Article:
Tuesday 28 February 2012

318 wolves killed in Idaho – Because they eat deer - Its Elkonomics

Elkonomics in Idaho
February 2012. The poor hunters of Idaho couldn't find enough deer to kill, so to make life easier for them the Idaho Fish and Game Department (At least, unlike many states, they don't pretend to be a wildlife department) has killed more than 300 wolves to allow humans to buy licenses to kill the deer instead. Last year humans shot more than 16,000 elk alone, but that wasn't enough, and, apparently it is because wolves kill so many elk that they don't leave enough for humans to kill. So the obvious answer, according to Idaho, is to kill the wolves, so then the hunters can kill even more elk.

Deputy Director Jim Unsworth said. "We'd like to see one of Idaho's premier elk populations recover as much as possible." Perhaps they could just stop people shooting them instead.
42 wolves killed recently
In cooperation with Idaho Fish and Game, the USDA Wildlife Services has completed a ‘wolf control action' in northern Idaho's Lolo zone. Over three days in early February, Wildlife Services agents killed 14 wolves from a helicopter. In the Lolo zone, hunters have taken 11 wolves, trappers have taken 11, control efforts earlier in spring 2011 took six, and the most recent control effort took 14 for a total of 42 wolves. The cost of the action is estimated at $22,500 in license funds. As of February 22, hunters and trappers have taken a total of 318 wolves across the state.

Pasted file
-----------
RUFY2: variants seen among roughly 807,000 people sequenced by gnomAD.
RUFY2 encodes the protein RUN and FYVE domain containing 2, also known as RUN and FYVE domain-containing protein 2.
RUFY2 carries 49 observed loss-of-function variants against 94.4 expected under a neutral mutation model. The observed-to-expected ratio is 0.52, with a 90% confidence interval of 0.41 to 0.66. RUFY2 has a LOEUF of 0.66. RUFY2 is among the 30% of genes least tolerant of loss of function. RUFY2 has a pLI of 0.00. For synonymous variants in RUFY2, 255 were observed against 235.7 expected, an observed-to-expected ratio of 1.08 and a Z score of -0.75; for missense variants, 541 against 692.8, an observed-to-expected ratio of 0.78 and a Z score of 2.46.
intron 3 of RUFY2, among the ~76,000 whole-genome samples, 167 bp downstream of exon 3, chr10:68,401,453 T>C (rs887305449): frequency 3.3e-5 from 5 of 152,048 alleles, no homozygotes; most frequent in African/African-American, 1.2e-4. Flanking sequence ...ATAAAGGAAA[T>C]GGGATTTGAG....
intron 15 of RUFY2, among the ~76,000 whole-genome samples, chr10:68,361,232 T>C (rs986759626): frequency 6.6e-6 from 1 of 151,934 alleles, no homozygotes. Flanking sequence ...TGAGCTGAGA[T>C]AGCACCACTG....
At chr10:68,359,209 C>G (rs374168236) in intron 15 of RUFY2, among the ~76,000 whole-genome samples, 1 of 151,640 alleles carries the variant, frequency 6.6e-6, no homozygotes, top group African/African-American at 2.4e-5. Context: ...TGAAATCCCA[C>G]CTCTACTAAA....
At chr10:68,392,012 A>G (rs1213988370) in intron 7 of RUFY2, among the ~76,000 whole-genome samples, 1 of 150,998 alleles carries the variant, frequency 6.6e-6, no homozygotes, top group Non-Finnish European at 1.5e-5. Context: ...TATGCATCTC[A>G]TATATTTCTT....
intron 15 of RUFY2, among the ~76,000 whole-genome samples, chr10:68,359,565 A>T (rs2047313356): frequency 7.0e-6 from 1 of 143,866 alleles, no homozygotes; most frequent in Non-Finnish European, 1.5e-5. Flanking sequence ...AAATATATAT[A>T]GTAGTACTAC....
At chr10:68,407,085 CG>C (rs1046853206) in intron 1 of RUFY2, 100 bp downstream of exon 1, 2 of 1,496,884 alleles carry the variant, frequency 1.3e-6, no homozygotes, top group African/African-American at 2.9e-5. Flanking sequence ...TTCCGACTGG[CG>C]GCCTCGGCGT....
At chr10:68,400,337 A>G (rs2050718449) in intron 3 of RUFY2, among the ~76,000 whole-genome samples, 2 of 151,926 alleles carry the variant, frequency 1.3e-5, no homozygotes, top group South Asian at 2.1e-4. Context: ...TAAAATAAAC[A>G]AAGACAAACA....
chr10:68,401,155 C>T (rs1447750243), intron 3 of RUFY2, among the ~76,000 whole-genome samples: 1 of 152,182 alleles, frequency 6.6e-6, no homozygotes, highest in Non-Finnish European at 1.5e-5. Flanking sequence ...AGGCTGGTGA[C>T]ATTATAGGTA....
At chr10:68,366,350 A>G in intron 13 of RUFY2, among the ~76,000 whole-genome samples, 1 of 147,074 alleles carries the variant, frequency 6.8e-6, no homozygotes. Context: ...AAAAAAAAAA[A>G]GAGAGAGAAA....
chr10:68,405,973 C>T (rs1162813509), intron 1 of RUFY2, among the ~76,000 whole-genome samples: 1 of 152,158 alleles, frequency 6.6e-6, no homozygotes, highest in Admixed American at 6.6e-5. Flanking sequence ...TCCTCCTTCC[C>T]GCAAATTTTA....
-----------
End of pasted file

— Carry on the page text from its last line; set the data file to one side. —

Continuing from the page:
In recent years wolves have been identified as the primary cause of death in female elk and calves over six months old. But the habitat in the area is capable of supporting an increased population, Deputy Director Jim Unsworth said.
"We'd like to see one of Idaho's premier elk populations recover as much as possible," he said.
Idaho Elk
In 2011 the Idaho elf population was estimated at 103,000, (See here) and hunter hunter success was 19 percent
According to the Rocky Mountain Elk Foundation : "The statewide population actually broke a long plummet and rebounded 2,000 animals from last year. That growth likely came, at least in part, from fewer hunters. Tag sales went from 92,565 in 2008 to 84,765 in 2010-a decline of about 8 percent.

So 84,765 tags were sold, with a 19% success rate, so that equates to 16,105 successful elk kills.
In Idaho, a resident must pay $30.75 for a license to kill an elk, and a non resident some $416.75. They also have to purchase a hunting license as well. So (If I understand correctly) if 90% of the 84,765 tags sold were to residents, the income from elk shooting was some $4-5 million. No wonder Idaho Game and fish want more people to kill elk and other wildlife.

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